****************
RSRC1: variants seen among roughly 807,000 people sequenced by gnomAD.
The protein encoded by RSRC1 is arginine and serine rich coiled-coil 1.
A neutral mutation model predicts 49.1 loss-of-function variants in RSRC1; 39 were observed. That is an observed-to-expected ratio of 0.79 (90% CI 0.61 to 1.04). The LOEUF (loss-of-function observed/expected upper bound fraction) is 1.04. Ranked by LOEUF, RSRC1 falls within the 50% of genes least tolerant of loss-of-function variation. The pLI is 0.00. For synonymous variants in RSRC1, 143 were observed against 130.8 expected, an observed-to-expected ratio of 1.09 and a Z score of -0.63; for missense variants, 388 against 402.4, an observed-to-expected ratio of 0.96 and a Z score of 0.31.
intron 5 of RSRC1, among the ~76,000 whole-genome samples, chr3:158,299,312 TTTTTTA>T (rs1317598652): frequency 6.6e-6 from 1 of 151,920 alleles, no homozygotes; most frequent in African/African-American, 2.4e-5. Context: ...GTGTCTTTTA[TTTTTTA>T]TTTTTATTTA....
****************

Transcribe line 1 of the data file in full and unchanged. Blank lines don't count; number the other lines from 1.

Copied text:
RSRC1: variants seen among roughly 807,000 people sequenced by gnomAD.